• Use BMPs to support all phases of the environmental cleanup life cycle. In addition to supporting site characterization, site characterization and remediation BMPs can directly support risk assessment, technology selection, remedial design, remedy implementation, long-term operations, and optimization efforts. The course describes specific ways practitioners can apply the BMPs to support these major project phases.

Course Outline

  1. Overview of Best Practices for Site Characterization and Remediation
  2. Systematic Project Planning
  3. Developing Dynamic Work Strategies
  4. Implementing a Dynamic Field Investigation
  5. Risk Assessment and Real-Time Data
  6. Best Practices for Remedy Design and Implementation
Registration Status: Registration Open
Event Begins: December 03, 2018 at 1:00 PM
Event Ends: December 06, 2018 at 12:00 PM
For questions about this event, please contact: Jodi McCarty (ICF)
Phone: 773-934-3091
E-mail: jodi.mccarty@icf.com
Additional Information: Daily Class Times:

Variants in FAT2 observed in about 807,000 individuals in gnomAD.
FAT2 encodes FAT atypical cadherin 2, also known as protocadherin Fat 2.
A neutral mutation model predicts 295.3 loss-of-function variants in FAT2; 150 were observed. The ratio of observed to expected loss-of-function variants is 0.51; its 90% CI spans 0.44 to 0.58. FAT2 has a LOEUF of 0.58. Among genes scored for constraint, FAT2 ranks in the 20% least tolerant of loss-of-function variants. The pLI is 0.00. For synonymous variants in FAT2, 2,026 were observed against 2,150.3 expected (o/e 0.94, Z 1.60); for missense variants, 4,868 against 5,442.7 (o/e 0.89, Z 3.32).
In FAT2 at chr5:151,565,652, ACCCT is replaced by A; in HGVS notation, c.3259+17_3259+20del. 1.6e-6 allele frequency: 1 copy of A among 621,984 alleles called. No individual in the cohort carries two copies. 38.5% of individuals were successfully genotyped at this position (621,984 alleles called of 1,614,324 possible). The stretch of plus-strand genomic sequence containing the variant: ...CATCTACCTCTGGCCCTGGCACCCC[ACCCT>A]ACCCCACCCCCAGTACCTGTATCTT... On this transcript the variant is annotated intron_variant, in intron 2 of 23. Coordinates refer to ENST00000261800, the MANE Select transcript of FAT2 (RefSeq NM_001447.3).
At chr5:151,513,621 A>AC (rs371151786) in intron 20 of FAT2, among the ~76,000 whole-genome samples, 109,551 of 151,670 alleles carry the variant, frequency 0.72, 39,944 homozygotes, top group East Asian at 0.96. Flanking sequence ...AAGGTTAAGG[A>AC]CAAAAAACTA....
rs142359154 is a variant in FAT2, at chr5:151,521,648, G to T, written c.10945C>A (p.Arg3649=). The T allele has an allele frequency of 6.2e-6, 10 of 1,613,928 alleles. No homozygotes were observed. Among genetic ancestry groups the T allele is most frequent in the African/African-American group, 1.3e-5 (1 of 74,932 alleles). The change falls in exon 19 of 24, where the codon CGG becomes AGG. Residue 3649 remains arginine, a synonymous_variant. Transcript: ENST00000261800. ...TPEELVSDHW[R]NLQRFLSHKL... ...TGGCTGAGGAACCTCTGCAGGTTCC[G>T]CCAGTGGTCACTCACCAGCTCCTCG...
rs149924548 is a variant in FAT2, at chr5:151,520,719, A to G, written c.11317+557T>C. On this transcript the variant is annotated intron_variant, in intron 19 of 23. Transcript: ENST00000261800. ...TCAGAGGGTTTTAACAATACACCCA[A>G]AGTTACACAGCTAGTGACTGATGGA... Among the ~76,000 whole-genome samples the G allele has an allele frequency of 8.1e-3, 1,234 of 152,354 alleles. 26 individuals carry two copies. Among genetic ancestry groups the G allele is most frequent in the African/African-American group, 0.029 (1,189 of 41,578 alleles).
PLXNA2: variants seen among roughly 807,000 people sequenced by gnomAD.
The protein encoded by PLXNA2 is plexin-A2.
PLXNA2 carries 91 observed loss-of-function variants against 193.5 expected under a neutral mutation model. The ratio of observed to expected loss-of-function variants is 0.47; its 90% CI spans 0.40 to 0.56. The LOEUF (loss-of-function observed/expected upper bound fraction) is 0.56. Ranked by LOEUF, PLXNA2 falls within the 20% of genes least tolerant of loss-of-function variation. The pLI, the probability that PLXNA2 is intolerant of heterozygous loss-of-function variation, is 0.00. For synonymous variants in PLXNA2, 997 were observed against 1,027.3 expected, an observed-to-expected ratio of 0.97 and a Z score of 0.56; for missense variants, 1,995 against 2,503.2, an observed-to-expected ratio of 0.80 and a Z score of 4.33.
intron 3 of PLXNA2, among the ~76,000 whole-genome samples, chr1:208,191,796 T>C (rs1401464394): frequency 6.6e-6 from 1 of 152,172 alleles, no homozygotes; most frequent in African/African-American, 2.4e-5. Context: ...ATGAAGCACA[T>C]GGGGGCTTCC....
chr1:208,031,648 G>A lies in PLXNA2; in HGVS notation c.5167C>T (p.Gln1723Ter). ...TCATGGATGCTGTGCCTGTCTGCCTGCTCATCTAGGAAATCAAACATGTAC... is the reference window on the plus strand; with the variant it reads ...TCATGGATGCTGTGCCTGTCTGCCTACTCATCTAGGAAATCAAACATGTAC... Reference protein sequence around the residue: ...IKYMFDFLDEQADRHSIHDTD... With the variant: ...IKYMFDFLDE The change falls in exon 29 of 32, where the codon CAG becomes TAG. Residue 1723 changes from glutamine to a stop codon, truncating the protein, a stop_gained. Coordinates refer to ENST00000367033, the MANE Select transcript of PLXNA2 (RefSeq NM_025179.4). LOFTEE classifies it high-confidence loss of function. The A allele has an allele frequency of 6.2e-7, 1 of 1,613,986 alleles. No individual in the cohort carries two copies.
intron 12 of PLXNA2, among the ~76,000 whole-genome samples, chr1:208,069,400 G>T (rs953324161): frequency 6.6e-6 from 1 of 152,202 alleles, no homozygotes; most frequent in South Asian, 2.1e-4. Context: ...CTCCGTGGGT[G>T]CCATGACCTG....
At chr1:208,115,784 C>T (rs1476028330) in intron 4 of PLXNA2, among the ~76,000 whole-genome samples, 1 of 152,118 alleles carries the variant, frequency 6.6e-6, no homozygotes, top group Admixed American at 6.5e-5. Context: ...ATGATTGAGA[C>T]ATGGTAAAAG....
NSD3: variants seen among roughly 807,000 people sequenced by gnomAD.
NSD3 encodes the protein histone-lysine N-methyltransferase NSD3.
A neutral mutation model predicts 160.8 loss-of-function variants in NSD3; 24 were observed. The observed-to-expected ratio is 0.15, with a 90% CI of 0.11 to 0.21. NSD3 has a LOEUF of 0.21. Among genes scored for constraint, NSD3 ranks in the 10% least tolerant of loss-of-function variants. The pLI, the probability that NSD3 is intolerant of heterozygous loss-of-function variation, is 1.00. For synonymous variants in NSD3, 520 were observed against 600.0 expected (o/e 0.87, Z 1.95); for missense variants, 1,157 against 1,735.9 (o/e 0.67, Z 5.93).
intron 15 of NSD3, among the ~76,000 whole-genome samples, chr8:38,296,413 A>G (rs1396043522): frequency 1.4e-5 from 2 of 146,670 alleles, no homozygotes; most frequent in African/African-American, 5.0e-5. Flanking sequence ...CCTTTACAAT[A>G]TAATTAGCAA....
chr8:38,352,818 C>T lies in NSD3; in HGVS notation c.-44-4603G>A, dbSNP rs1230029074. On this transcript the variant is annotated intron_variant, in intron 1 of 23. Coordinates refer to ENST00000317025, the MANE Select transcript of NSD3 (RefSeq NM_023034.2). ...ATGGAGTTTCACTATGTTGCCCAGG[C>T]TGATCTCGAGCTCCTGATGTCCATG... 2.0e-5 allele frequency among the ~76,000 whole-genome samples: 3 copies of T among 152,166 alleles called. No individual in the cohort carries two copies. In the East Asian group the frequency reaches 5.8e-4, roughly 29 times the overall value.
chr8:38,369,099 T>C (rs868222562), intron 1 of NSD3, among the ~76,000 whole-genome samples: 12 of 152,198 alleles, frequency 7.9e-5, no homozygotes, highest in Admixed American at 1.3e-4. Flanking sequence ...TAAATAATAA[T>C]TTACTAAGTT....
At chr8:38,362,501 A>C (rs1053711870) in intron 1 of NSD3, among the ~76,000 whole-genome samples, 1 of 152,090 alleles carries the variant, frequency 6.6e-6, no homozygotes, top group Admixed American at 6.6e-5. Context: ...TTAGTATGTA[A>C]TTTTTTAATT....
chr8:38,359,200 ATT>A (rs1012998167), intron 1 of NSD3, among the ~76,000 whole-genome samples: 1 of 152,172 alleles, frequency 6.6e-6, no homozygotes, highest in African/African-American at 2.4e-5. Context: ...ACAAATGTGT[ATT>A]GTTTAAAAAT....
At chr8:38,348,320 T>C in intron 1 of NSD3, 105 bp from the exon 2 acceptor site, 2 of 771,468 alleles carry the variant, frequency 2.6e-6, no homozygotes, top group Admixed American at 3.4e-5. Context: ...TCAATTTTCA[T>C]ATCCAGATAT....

Monday – 1:00 PM to 4:30 PM
Tuesday – 8:30 AM to 4:30 PM
Wednesday – 8:30 AM to 4:30 PM
Thursday – 8:30 AM to 12:00 PM
Location
This event will be held at: U.S. EPA – Region 1
5 Post Office Sq.
1st Fl. Conference Center – Leighton Hall
Boston, MA 02109

Location Contact:
Cosmo Caterino
617-918-1264
caterino.cosmo@epa.gov

Location Map:
These maps are for getting a general idea of the location – they may not be 100% accurate.
Click here to view 

 

Remediation Technologies Symposium 2018

The Remediation Technologies Symposium 2018 (RemTech™ 2018) is the premier remediation technology transfer event for environmental professionals, encompassing the latest innovations in soil and groundwater remediation.